Incredibly, despite the suddenness and shock from what is happening, I manage to not seize up and fly off my treadmill. I quickly hit the stop button, jump off, and find the front of our boiler in flames, but contained within the front panel.

I then run up the basement steps, yelling for my wife to wake up while trying to describe what was going on as I’m making my flight. She immediately yells to flick the emergency boiler shut-off switch if it's safe to do so. I do that. The flames stop. The smoke detector turns off. My wife immediately gets on the phone with PSE&G and 911. I ventilate the basement.

Two minutes after our calls: PD shows up. I show officer Lobos what happened. Everything seems under control. He advises to sit tight for FD.

Four minutes after our calls: two FD trucks show up. I show firefighters Alberti, Ayala, Masnaj, Gonzalez, and the rest of the crew what happened. Everything seems to be under control. They advise to sit tight for PSE&G.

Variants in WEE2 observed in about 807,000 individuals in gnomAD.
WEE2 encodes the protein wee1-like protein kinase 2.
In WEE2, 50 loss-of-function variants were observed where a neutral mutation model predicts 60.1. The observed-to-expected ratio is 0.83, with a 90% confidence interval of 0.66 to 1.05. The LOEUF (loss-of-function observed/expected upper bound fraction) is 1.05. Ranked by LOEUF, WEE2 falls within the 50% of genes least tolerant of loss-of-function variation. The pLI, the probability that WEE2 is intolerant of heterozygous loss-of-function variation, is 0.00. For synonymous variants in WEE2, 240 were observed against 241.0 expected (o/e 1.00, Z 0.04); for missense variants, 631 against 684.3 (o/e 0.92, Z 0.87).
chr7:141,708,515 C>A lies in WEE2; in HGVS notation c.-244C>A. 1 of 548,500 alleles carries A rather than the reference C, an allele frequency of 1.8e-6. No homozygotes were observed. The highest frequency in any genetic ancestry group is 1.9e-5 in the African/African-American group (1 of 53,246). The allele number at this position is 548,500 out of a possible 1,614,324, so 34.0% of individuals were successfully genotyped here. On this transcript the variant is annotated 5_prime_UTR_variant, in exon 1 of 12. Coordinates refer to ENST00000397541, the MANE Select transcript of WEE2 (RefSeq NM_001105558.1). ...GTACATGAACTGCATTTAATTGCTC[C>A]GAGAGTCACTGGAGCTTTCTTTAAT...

My wife and I spend the intervening waiting time trying to help each other settle our jangled nerves, and mulling what the cause could have been, and how the scenario might have unfolded differently. 

We succeed in settling ourselves, and also conclude that it is better to acknowledge our best case scenario outcome rather than pondering how things could have been different, but we haven’t a clue what happened yet.

Forty-five minutes after our calls: PSE&G shows up. I show Sam what happened. Everything seems to be in order. Our boiler is new. The burners look fine. The chimney is drafting properly. The switches are in order. Our home contractors have not been using gas-powered devices of any sort. Everything seems ship-shape, but he’ll order new burners and arrange install.

A mystery.

My wife and I have a nice breakfast together, and over the course of our day, try to figure out what happened and why.

As if a messenger sent him to remind us about our good fortune, the gabbai of my shul shows up at our house to return some borrowed items. I put in my gomel-bentching request with him.